There’s a street light flashing on Aro Street. The intermittent illumination of the pavement gives an eerie feeling, as though some wizard might be lurking behind a lamp-post ready to snuff out the street’s mysterious yellow glow for covert magical affairs. Or, at least, such a scenario is pleasantly easy to imagine walking home alone at 03:49 on an either impressively late Wednesday night or unsanctimoniously early Thursday morning. Certainly not a time for any respectable human activity. Which explains why I'm out.
I often walk home from town alone. And yes, I hear the current reprimanding uproar of the more safety-conscious and general common-sense possessing individual than myself. In fact, of all my blog posts, this is the only activity that I explicitly stress you NEVER try at home. Furthermore, if you ever mention to me that you have something so pointlessly perilous, I will chastise you severely, while for my own welfare remaining daringly blasé. I am, at least, willing to admit my own hypocrisy in such a matter, if not to pay for my own taxi fare.
Disclaimer aside, I quite enjoy being alone in those underappreciated and unfamiliar hours when the sky’s palette is just beginning to show the first inklings of dawn. While the majority of normal folk lie between sheets and explore erratically the fleeting disorder of our subconscious, the world seems to quiver with anticipation of the coming light. This mysterious predawn world and I are relatively unacquainted, but our occasional meetings bring for me a paradoxical mixture of serenity and invigoration. This morning the dusty bushfire hue of the city emerges above the jagged tree line- ponga, pine and pohutukawa through which the Wellington wind whistles its morning fanfare.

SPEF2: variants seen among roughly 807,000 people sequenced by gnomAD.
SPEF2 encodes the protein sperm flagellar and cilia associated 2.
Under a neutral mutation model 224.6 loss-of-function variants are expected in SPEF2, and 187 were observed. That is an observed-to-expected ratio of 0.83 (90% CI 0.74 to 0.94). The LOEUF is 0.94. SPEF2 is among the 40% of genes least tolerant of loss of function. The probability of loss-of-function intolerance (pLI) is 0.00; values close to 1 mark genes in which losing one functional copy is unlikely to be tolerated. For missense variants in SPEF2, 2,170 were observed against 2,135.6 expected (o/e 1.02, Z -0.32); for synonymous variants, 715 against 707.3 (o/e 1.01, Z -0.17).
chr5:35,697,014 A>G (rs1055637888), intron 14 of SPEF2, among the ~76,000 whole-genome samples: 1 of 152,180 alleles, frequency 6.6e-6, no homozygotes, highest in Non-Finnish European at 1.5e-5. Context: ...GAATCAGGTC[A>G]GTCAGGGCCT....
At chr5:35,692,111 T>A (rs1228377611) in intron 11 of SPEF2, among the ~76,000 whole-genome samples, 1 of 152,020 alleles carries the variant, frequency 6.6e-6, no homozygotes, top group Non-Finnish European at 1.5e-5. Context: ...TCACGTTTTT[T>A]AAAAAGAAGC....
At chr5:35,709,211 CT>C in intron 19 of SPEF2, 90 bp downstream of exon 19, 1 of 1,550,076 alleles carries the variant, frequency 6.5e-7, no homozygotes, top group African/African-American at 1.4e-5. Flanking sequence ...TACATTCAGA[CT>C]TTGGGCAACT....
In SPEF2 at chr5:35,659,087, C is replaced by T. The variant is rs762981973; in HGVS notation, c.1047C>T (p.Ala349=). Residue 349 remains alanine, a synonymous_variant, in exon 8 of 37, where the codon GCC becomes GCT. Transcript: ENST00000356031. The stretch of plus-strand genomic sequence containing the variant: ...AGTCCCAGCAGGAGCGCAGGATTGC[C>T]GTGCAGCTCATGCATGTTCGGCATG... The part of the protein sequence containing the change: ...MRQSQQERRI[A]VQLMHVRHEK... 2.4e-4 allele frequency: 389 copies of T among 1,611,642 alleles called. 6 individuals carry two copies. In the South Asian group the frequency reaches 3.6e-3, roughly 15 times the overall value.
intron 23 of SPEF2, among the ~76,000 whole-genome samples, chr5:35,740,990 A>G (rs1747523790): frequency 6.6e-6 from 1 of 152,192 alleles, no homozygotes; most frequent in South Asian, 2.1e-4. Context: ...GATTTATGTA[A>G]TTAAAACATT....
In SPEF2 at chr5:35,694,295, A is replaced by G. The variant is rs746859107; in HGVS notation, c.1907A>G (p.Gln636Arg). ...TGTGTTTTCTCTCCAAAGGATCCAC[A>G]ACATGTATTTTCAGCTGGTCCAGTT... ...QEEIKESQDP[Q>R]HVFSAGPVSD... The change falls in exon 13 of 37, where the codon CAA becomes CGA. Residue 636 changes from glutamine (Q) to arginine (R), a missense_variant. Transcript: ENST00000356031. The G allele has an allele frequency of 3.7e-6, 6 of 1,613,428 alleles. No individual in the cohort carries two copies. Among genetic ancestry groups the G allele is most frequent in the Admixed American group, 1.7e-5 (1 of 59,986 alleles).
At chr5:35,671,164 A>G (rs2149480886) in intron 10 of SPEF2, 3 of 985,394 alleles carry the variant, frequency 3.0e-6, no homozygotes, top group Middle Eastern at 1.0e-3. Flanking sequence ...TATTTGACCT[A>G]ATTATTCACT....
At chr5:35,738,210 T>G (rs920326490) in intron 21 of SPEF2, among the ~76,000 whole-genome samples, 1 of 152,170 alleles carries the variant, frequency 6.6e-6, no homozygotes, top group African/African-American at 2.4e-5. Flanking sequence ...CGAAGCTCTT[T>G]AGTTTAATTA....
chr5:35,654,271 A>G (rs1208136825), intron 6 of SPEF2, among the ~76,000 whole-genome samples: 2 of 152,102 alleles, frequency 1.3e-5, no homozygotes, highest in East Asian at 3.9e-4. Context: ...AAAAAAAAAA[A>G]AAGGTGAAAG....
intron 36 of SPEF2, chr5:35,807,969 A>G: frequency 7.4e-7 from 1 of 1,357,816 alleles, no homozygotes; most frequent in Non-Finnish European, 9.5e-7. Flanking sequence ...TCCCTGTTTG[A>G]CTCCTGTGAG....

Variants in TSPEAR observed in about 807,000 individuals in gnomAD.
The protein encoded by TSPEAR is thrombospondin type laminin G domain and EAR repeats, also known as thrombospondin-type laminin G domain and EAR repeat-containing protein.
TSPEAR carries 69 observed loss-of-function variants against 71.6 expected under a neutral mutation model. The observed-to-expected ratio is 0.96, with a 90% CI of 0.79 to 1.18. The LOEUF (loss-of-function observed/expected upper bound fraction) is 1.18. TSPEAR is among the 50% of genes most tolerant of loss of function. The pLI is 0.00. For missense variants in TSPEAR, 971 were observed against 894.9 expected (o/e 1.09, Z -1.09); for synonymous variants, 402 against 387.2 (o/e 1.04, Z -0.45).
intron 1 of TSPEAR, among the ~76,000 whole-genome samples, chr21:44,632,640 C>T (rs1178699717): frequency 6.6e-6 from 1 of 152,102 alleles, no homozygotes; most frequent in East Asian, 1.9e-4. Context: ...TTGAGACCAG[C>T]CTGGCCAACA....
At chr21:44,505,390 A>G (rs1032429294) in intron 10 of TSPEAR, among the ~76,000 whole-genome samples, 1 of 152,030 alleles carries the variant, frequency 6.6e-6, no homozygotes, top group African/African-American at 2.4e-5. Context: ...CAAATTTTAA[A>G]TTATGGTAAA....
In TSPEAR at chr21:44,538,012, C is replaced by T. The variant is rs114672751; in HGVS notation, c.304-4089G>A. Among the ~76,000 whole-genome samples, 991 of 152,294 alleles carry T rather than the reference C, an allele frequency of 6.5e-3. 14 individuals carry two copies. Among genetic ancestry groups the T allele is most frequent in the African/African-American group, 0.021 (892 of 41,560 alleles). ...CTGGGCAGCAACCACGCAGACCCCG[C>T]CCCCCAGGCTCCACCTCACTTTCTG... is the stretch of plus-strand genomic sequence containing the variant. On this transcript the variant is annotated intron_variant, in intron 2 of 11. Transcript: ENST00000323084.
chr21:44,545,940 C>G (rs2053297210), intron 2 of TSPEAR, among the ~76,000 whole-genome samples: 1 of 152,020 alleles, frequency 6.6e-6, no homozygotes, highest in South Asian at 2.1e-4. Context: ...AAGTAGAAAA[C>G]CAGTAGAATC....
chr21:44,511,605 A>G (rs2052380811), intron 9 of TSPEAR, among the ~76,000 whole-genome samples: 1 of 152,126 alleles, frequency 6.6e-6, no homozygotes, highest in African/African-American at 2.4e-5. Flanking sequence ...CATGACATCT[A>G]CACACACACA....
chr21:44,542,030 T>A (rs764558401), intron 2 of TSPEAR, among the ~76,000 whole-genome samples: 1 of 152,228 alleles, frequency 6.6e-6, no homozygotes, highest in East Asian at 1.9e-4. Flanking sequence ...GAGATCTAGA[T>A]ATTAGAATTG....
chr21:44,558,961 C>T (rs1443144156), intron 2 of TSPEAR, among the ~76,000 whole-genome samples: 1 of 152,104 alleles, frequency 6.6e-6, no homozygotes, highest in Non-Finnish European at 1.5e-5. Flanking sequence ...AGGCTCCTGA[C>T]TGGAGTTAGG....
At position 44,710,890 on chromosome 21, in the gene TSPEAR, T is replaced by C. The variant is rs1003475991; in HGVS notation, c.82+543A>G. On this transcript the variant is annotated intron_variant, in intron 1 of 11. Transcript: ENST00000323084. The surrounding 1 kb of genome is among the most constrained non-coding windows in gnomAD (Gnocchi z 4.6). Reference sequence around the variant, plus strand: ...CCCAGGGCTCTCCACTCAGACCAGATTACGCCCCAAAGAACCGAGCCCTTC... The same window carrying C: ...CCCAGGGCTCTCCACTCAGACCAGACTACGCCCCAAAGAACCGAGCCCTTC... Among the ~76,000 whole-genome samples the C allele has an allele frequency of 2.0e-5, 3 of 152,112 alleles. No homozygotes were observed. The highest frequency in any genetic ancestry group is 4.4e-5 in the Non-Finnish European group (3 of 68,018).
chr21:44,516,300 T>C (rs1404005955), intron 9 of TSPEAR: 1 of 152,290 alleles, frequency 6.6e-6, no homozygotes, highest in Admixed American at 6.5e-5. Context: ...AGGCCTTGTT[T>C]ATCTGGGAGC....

Most haunting and pertinent of all are the melodies of the Tui which are punctuated into episodic three note melodies by the noble little birds’ timber clicks. In these very small hours Aro Valley’s resident, cravat wearing choir are already in full song. At what time do the birds start singing, I wonder? They are gossiping about the likely scandal of the day, before mother daybreak has even stretched her slender fingers over the Rimutakas.
Occasionally I like to sit on my window sill and watch the sunrise. From that window sill I have panoramic views of the habour, dotted with the shimmering lights of cars that zoom along the motorway. Once, on a windy day, I left my favourite dress on the window sill to dry. That mischievous wind that torments girls’ dresses, and upturns our umbrellas whisked it away in one great gust, right over the pohutukawa tree. I searched the street and the nearby houses, but my favourite dress had flown away, right over the Cook Strait for all I knew.
This morning the sun rises quickly. There is no treat of skies bathed in splendid peaches or golden glows, but rather an incremental and anticlimactic shift from black to blue. As the occasional whizz of cars along the motorway slows to a steady crawl of commuters, the Tui song is lost amongst the loud collision of detail, noise and hurry of the day. The world awakes and we all return routinely to the riotous chaotic pace that is everyday life. But, I know that only a few hours before that this place was unruffled and magical- as though part of another world. So, if you ever feel overwhelmed by the flurry that is city life, take a walk with a friend, or sit on a hill to watch the sunrise. “What a beautiful place,” Dobby murmured, “What a beautiful place to be with friends.”
|The view from the roof, 14 Essex Street|
|Sunset over my family farm, Taumarunui|
Aro Park at twilight